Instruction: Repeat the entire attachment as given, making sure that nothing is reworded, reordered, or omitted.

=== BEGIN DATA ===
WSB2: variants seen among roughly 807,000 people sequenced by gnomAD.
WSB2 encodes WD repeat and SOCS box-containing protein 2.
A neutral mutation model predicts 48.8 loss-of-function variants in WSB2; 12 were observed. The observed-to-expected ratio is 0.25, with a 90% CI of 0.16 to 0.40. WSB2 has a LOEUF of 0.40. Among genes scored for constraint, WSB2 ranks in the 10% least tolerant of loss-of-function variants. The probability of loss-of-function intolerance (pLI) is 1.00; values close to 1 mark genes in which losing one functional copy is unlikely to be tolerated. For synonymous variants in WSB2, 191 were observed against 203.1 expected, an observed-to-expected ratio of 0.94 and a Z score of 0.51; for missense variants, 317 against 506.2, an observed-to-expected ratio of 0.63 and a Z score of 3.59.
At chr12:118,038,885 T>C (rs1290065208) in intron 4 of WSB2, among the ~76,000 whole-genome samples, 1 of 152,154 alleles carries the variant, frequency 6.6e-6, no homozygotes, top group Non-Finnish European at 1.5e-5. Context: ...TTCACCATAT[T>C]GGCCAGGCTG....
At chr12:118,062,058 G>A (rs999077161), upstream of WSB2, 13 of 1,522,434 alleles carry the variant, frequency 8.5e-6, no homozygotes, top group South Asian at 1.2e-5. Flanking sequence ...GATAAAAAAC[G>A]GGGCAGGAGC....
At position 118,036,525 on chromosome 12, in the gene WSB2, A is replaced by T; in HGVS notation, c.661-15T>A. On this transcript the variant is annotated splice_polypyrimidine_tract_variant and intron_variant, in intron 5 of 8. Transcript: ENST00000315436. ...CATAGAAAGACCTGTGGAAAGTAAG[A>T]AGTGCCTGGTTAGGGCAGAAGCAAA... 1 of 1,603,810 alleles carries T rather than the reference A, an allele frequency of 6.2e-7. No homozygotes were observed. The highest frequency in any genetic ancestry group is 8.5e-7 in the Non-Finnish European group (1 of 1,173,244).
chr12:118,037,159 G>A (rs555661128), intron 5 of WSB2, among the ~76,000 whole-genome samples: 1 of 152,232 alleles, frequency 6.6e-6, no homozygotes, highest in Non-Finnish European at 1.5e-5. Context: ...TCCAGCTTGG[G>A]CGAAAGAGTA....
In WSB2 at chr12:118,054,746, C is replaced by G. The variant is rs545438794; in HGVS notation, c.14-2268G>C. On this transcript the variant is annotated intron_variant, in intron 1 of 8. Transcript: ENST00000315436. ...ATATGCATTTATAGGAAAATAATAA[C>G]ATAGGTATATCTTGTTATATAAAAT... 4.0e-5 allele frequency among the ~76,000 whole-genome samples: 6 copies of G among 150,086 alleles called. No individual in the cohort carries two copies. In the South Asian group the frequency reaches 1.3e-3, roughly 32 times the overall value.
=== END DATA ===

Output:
WSB2: variants seen among roughly 807,000 people sequenced by gnomAD.
WSB2 encodes WD repeat and SOCS box-containing protein 2.
A neutral mutation model predicts 48.8 loss-of-function variants in WSB2; 12 were observed. The observed-to-expected ratio is 0.25, with a 90% CI of 0.16 to 0.40. WSB2 has a LOEUF of 0.40. Among genes scored for constraint, WSB2 ranks in the 10% least tolerant of loss-of-function variants. The probability of loss-of-function intolerance (pLI) is 1.00; values close to 1 mark genes in which losing one functional copy is unlikely to be tolerated. For synonymous variants in WSB2, 191 were observed against 203.1 expected, an observed-to-expected ratio of 0.94 and a Z score of 0.51; for missense variants, 317 against 506.2, an observed-to-expected ratio of 0.63 and a Z score of 3.59.
At chr12:118,038,885 T>C (rs1290065208) in intron 4 of WSB2, among the ~76,000 whole-genome samples, 1 of 152,154 alleles carries the variant, frequency 6.6e-6, no homozygotes, top group Non-Finnish European at 1.5e-5. Context: ...TTCACCATAT[T>C]GGCCAGGCTG....
At chr12:118,062,058 G>A (rs999077161), upstream of WSB2, 13 of 1,522,434 alleles carry the variant, frequency 8.5e-6, no homozygotes, top group South Asian at 1.2e-5. Flanking sequence ...GATAAAAAAC[G>A]GGGCAGGAGC....
At position 118,036,525 on chromosome 12, in the gene WSB2, A is replaced by T; in HGVS notation, c.661-15T>A. On this transcript the variant is annotated splice_polypyrimidine_tract_variant and intron_variant, in intron 5 of 8. Transcript: ENST00000315436. ...CATAGAAAGACCTGTGGAAAGTAAG[A>T]AGTGCCTGGTTAGGGCAGAAGCAAA... 1 of 1,603,810 alleles carries T rather than the reference A, an allele frequency of 6.2e-7. No homozygotes were observed. The highest frequency in any genetic ancestry group is 8.5e-7 in the Non-Finnish European group (1 of 1,173,244).
chr12:118,037,159 G>A (rs555661128), intron 5 of WSB2, among the ~76,000 whole-genome samples: 1 of 152,232 alleles, frequency 6.6e-6, no homozygotes, highest in Non-Finnish European at 1.5e-5. Context: ...TCCAGCTTGG[G>A]CGAAAGAGTA....
In WSB2 at chr12:118,054,746, C is replaced by G. The variant is rs545438794; in HGVS notation, c.14-2268G>C. On this transcript the variant is annotated intron_variant, in intron 1 of 8. Transcript: ENST00000315436. ...ATATGCATTTATAGGAAAATAATAA[C>G]ATAGGTATATCTTGTTATATAAAAT... 4.0e-5 allele frequency among the ~76,000 whole-genome samples: 6 copies of G among 150,086 alleles called. No individual in the cohort carries two copies. In the South Asian group the frequency reaches 1.3e-3, roughly 32 times the overall value.